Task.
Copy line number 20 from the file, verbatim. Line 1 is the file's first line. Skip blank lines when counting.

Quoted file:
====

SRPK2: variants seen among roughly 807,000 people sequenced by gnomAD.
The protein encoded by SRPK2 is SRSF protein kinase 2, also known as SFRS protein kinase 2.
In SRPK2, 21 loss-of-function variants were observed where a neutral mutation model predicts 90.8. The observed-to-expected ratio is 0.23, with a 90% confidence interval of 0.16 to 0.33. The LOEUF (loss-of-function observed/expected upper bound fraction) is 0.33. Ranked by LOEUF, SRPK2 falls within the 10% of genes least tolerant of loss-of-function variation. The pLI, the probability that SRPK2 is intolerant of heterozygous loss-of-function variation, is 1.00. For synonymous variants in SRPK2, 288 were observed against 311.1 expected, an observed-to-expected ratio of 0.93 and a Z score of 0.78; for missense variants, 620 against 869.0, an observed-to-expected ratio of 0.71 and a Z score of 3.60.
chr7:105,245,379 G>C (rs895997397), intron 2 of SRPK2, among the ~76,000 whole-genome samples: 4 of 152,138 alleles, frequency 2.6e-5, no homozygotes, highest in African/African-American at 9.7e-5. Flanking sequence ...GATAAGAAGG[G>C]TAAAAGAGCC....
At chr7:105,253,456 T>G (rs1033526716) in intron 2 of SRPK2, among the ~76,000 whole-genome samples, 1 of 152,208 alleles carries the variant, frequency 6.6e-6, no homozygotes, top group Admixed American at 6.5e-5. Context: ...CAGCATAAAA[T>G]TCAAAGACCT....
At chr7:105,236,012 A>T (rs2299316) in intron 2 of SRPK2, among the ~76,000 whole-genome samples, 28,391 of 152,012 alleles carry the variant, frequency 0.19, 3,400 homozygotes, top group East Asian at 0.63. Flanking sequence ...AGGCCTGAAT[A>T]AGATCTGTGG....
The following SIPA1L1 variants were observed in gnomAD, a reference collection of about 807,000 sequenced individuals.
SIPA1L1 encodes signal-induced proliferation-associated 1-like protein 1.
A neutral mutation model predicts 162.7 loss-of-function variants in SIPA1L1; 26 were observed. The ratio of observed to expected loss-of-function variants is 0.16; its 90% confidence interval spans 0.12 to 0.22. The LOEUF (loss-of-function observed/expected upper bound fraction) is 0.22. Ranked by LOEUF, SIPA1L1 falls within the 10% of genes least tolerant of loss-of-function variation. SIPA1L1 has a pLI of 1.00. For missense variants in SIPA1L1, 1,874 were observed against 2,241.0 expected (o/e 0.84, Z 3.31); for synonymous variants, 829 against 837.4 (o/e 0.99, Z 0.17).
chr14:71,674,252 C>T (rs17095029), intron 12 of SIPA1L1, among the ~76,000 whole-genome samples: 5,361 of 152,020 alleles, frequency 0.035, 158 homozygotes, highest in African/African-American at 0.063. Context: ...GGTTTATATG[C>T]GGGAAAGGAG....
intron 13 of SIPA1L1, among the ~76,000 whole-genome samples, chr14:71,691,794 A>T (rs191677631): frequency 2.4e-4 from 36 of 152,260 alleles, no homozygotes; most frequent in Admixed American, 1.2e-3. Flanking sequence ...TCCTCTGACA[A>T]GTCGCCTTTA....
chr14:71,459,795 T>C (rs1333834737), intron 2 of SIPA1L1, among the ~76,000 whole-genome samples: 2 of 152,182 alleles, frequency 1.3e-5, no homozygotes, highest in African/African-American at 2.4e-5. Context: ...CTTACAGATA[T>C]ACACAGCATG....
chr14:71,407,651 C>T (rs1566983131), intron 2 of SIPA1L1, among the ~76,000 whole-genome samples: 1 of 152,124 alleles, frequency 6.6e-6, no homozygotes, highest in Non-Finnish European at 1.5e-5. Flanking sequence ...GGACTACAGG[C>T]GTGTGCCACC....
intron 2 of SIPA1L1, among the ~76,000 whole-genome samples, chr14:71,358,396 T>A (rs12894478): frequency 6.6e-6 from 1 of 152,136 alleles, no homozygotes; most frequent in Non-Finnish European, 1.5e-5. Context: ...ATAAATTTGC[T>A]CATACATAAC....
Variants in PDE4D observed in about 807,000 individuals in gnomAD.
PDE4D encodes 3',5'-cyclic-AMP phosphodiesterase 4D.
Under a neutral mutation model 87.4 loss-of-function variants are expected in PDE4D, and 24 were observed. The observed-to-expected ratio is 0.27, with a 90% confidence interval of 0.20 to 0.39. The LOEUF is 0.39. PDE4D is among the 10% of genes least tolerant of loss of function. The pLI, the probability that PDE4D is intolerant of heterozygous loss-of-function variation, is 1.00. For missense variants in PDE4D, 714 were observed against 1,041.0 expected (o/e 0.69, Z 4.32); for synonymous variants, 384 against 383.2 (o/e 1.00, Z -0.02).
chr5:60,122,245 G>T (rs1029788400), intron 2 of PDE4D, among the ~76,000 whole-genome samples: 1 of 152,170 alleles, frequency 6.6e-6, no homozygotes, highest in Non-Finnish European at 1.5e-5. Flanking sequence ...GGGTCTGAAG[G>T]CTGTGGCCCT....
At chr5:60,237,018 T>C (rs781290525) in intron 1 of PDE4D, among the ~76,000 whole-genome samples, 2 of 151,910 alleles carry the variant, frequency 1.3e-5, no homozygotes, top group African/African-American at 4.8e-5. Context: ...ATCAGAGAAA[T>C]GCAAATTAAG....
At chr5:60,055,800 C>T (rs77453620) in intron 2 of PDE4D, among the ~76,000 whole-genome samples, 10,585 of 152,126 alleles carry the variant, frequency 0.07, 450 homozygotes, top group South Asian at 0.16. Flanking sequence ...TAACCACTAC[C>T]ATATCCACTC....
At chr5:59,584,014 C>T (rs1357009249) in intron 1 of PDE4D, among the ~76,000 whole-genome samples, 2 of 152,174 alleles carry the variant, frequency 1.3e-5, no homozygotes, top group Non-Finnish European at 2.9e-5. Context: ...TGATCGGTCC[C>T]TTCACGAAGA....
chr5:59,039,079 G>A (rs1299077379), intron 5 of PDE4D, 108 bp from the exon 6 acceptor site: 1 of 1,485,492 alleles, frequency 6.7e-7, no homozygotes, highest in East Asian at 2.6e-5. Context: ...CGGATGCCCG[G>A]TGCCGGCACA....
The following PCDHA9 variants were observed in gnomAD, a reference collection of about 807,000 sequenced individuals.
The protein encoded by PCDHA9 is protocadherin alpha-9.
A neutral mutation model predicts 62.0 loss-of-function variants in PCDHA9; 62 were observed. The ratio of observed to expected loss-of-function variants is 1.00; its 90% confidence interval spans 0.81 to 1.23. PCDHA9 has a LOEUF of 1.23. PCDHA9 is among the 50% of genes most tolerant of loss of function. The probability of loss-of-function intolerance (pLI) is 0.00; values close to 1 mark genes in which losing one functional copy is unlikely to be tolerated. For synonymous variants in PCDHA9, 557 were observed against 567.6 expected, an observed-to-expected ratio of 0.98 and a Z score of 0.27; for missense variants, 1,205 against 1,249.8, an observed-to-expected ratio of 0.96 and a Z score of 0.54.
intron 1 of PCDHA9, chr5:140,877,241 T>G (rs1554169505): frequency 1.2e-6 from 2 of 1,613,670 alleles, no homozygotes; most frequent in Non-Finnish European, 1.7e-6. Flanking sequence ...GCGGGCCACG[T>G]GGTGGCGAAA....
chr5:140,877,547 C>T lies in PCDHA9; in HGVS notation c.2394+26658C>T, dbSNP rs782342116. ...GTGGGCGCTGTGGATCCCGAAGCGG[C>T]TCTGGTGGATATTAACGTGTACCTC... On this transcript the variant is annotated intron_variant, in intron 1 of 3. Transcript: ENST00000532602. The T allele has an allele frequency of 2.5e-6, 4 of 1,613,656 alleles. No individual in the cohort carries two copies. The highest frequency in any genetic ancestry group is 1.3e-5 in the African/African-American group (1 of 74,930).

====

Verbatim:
At chr5:60,055,800 C>T (rs77453620) in intron 2 of PDE4D, among the ~76,000 whole-genome samples, 10,585 of 152,126 alleles carry the variant, frequency 0.07, 450 homozygotes, top group South Asian at 0.16. Flanking sequence ...TAACCACTAC[C>T]ATATCCACTC....